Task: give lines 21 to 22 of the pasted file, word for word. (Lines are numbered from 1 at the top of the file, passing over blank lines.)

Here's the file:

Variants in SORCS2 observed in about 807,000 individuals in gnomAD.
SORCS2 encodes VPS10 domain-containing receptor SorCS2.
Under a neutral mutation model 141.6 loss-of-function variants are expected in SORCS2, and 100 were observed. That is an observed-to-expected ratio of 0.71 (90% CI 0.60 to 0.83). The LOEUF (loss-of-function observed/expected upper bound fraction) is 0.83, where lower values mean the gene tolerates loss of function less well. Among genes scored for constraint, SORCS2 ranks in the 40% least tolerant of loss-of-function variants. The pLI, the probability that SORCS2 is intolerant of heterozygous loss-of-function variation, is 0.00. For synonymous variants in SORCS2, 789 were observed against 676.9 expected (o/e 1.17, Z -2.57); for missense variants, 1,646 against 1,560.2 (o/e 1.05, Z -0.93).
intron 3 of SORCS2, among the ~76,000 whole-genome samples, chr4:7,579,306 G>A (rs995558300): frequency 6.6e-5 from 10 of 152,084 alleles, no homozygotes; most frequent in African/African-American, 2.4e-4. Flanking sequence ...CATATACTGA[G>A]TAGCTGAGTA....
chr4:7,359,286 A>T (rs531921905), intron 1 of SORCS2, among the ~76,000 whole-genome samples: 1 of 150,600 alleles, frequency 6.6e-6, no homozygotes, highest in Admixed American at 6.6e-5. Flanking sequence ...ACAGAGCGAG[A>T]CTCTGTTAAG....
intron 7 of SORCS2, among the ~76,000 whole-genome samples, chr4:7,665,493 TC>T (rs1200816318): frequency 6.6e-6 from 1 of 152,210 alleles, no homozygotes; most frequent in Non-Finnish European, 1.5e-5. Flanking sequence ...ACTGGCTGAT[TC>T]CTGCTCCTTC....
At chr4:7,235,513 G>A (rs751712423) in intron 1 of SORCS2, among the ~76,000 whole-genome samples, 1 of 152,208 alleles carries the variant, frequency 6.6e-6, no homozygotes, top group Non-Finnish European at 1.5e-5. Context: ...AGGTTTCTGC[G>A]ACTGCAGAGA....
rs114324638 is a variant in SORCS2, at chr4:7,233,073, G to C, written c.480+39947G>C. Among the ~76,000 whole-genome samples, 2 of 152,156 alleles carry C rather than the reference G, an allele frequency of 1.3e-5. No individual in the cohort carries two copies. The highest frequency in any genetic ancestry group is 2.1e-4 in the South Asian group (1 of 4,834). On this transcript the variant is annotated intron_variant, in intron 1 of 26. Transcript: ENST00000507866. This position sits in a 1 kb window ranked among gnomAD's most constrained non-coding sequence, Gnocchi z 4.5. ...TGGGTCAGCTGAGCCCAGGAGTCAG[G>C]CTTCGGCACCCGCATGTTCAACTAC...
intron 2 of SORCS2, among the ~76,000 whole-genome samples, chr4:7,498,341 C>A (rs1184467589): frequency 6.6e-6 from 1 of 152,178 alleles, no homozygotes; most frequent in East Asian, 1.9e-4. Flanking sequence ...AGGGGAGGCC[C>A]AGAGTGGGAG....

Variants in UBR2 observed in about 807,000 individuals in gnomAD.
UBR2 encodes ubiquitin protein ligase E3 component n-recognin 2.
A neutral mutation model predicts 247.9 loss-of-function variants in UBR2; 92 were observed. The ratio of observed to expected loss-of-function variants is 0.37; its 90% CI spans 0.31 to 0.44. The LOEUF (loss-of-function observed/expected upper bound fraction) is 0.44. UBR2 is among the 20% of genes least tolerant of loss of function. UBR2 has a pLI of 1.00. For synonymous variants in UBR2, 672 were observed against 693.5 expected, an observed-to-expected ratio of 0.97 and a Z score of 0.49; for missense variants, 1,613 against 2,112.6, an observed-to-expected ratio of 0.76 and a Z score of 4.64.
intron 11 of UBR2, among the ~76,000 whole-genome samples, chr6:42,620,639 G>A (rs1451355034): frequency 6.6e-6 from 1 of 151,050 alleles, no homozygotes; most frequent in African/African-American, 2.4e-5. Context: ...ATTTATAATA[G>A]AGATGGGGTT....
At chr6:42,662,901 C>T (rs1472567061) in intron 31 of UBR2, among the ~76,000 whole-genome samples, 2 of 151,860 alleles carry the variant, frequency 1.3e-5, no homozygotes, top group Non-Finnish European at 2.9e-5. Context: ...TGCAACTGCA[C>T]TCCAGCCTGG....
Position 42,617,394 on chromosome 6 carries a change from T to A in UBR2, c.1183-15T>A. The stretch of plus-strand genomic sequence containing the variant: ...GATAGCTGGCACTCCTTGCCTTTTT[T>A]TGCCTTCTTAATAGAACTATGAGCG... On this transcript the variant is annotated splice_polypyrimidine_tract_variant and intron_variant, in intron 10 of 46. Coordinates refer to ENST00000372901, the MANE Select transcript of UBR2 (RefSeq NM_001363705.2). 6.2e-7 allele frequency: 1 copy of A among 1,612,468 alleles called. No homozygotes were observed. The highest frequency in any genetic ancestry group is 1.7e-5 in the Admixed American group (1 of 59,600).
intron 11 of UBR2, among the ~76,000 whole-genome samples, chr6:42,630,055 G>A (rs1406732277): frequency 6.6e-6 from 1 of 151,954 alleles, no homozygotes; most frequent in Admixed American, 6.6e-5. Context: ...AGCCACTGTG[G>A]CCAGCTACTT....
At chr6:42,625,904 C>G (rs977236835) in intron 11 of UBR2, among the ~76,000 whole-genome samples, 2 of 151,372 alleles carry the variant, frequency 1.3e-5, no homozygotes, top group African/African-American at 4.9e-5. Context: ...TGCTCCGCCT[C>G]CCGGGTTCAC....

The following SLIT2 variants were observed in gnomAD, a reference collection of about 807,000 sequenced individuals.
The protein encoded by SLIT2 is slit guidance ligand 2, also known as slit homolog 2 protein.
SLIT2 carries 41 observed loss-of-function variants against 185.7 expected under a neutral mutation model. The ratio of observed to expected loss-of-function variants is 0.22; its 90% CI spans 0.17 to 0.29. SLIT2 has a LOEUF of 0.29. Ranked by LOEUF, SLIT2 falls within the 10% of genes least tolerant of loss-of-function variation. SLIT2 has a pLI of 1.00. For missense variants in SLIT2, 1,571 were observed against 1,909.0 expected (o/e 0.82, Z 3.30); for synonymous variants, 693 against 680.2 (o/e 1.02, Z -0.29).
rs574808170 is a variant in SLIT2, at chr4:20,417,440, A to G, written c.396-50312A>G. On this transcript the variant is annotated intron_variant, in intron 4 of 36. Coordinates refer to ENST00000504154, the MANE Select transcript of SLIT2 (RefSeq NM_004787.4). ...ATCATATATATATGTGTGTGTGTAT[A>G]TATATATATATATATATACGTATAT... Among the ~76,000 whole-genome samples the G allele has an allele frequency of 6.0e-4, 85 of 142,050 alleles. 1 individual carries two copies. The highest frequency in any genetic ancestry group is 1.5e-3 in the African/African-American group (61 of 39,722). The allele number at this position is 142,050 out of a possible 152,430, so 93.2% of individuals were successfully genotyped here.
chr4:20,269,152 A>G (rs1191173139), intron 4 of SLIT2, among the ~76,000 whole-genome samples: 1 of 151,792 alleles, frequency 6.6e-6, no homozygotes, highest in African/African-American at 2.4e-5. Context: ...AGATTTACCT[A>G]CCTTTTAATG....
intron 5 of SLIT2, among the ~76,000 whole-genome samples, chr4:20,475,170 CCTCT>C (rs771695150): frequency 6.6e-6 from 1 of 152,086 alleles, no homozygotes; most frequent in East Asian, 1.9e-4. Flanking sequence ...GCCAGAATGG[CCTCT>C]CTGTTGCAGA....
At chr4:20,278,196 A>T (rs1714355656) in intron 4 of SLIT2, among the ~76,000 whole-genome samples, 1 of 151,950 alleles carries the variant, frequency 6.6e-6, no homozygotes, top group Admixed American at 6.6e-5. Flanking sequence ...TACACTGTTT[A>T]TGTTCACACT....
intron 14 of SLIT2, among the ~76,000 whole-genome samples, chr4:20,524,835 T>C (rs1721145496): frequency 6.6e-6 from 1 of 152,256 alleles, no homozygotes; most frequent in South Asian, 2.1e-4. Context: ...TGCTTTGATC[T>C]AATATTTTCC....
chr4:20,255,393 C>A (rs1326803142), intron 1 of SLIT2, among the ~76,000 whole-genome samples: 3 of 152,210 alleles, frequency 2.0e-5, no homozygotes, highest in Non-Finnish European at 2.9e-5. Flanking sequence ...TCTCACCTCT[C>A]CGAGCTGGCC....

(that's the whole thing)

rs574808170 is a variant in SLIT2, at chr4:20,417,440, A to G, written c.396-50312A>G. On this transcript the variant is annotated intron_variant, in intron 4 of 36. Coordinates refer to ENST00000504154, the MANE Select transcript of SLIT2 (RefSeq NM_004787.4). ...ATCATATATATATGTGTGTGTGTAT[A>G]TATATATATATATATATACGTATAT... Among the ~76,000 whole-genome samples the G allele has an allele frequency of 6.0e-4, 85 of 142,050 alleles. 1 individual carries two copies. The highest frequency in any genetic ancestry group is 1.5e-3 in the African/African-American group (61 of 39,722). The allele number at this position is 142,050 out of a possible 152,430, so 93.2% of individuals were successfully genotyped here.
chr4:20,269,152 A>G (rs1191173139), intron 4 of SLIT2, among the ~76,000 whole-genome samples: 1 of 151,792 alleles, frequency 6.6e-6, no homozygotes, highest in African/African-American at 2.4e-5. Context: ...AGATTTACCT[A>G]CCTTTTAATG....